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Magda Meester, Maikel Vermeer, Camiel Boon, Maria M. van Genderen, Carel C B Hoyng, Frans P Cremers, Clasien Oomen, Alberta A H J Thiadens, Jan-Willem R. Pott, Mary J van Schooneveld, Caroline C W Klaver, L. Ingeborgh van den Born; A registry and research database for retinal dystrophies – the RD5000 database. Invest. Ophthalmol. Vis. Sci. 2019;60(9):3962. doi: https://doi.org/.
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© ARVO (1962-2015); The Authors (2016-present)
With new therapies under development for retinal dystrophies, registration of patients and evaluation of the natural course of these diseases is of utmost importance. It is challenging to collect, store, and study these data in a structured manner and comply with the new privacy rules (GDPR) simultaneously. Here, we describe the registry and research database of the RD5000 consortium from the Netherlands for patients with retinal dystrophies.
RD5000 was founded in 2011 as a collaboration between academic hospitals and two ophthalmogenetic centers in the Netherlands. Ethical approval was obtained for access to retrospective clinical data including genetic tests outcomes, and prospective clinical and molecular studies. The database runs on a cloud-based Electronic Data Capture platform hosted by Castor (https://www.castoredc.com). The platform allows creation of various user profiles, defining access to data limited to institutes, encryption of sensitive variables such as patient numbers, and easy adjustment or addition of variables.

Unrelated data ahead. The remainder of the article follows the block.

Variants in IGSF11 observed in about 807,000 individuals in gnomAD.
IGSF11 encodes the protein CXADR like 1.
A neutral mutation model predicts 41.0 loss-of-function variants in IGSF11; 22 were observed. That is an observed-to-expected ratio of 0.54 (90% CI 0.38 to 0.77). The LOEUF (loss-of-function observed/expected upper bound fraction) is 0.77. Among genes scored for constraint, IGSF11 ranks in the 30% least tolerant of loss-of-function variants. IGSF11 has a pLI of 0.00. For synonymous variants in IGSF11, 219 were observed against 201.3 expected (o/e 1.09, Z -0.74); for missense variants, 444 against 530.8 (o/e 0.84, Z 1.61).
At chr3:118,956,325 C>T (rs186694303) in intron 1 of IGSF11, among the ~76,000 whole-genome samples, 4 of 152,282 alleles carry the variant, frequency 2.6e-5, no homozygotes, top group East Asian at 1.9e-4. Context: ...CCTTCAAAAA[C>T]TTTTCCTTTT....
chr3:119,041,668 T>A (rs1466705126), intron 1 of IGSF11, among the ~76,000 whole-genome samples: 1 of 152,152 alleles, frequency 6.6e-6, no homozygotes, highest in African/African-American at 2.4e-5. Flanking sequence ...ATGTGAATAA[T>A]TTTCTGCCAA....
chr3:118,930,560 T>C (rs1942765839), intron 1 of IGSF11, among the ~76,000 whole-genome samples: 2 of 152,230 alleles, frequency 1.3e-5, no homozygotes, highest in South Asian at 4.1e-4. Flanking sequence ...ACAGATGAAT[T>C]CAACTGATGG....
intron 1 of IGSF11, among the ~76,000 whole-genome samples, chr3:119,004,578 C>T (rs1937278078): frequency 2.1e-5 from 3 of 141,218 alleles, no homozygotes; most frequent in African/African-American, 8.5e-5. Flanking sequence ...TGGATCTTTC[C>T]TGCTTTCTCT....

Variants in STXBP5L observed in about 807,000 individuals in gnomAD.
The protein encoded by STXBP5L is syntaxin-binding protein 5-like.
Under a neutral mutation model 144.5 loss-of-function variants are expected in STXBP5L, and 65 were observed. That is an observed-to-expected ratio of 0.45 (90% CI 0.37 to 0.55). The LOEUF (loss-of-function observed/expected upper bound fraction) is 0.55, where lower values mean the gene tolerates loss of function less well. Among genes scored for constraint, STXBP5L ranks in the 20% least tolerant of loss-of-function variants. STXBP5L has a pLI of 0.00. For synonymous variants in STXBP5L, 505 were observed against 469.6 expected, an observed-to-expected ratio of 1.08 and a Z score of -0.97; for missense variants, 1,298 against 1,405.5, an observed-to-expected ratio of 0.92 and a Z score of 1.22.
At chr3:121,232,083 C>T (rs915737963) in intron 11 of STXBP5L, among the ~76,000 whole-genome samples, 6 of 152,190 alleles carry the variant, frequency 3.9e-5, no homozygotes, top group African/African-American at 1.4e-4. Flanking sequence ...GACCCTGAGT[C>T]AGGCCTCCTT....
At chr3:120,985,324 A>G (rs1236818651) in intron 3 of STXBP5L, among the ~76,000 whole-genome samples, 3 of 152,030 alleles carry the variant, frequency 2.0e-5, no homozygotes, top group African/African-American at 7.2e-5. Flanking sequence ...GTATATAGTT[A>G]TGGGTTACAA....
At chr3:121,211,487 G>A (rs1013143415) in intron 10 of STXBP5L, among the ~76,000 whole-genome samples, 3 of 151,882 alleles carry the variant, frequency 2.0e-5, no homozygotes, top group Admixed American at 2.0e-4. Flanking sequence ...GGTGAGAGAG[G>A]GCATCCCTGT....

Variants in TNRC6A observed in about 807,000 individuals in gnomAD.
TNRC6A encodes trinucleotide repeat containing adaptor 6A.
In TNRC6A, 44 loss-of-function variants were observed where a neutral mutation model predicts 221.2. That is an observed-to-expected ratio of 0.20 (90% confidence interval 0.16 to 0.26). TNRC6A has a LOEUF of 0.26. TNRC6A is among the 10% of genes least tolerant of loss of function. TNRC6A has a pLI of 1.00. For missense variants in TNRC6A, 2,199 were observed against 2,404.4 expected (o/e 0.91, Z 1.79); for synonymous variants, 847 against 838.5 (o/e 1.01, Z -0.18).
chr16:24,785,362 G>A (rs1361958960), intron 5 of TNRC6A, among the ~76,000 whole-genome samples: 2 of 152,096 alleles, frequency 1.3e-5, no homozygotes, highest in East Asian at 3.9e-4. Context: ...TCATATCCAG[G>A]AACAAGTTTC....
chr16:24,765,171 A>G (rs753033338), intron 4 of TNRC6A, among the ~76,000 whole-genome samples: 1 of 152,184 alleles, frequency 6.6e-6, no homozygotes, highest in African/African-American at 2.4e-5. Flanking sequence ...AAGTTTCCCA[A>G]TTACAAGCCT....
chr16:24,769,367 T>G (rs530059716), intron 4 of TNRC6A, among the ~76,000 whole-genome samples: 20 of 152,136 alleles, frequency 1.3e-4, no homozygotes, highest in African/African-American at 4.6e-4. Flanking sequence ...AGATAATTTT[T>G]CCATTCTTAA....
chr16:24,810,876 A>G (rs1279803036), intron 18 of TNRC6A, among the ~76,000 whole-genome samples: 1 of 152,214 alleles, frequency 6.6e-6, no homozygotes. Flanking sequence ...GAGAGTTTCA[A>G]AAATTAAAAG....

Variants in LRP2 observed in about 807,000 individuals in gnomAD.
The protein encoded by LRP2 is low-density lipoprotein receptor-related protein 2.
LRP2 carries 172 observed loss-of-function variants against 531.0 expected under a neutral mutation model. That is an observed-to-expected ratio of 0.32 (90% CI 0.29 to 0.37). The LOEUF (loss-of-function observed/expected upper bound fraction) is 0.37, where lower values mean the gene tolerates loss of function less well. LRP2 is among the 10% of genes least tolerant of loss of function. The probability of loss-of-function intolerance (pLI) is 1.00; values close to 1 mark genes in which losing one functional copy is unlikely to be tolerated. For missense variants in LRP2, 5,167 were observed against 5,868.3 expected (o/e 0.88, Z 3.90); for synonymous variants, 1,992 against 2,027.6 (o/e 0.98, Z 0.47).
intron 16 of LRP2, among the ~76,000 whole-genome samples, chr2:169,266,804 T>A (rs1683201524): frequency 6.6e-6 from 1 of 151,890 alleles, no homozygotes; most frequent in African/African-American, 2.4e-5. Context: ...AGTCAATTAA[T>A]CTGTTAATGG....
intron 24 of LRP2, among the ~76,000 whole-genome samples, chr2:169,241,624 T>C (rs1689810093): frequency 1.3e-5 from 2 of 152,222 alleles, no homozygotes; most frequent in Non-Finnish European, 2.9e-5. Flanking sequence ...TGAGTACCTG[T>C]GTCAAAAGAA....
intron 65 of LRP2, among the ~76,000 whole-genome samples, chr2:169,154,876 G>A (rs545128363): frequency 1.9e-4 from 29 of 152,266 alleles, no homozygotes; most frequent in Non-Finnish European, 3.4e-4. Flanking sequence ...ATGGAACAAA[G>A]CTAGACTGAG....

Thus far, data from 4285 patients with retinal dystrophies have been included in RD5000. The data contributed to 15 research investigations that resulted in over 30 publications and 6 PhD theses. Currently, five PhD students are involved in registration of patients and clinical data for ongoing natural course of disease studies.
The RD5000 registry and research database has proven to be of value for retinal specialists and researchers on retinal dystrophies in the Netherlands. It facilitates standardized storage and re-use of clinical data and easy identification of eligible patients for research projects and future therapies, and is a stimulus for collaboration between participating centers. The RD5000 registry and research database is an example of how a database for any rare conditions can be put into operation.
This abstract was presented at the 2019 ARVO Annual Meeting, held in Vancouver, Canada, April 28 - May 2, 2019.
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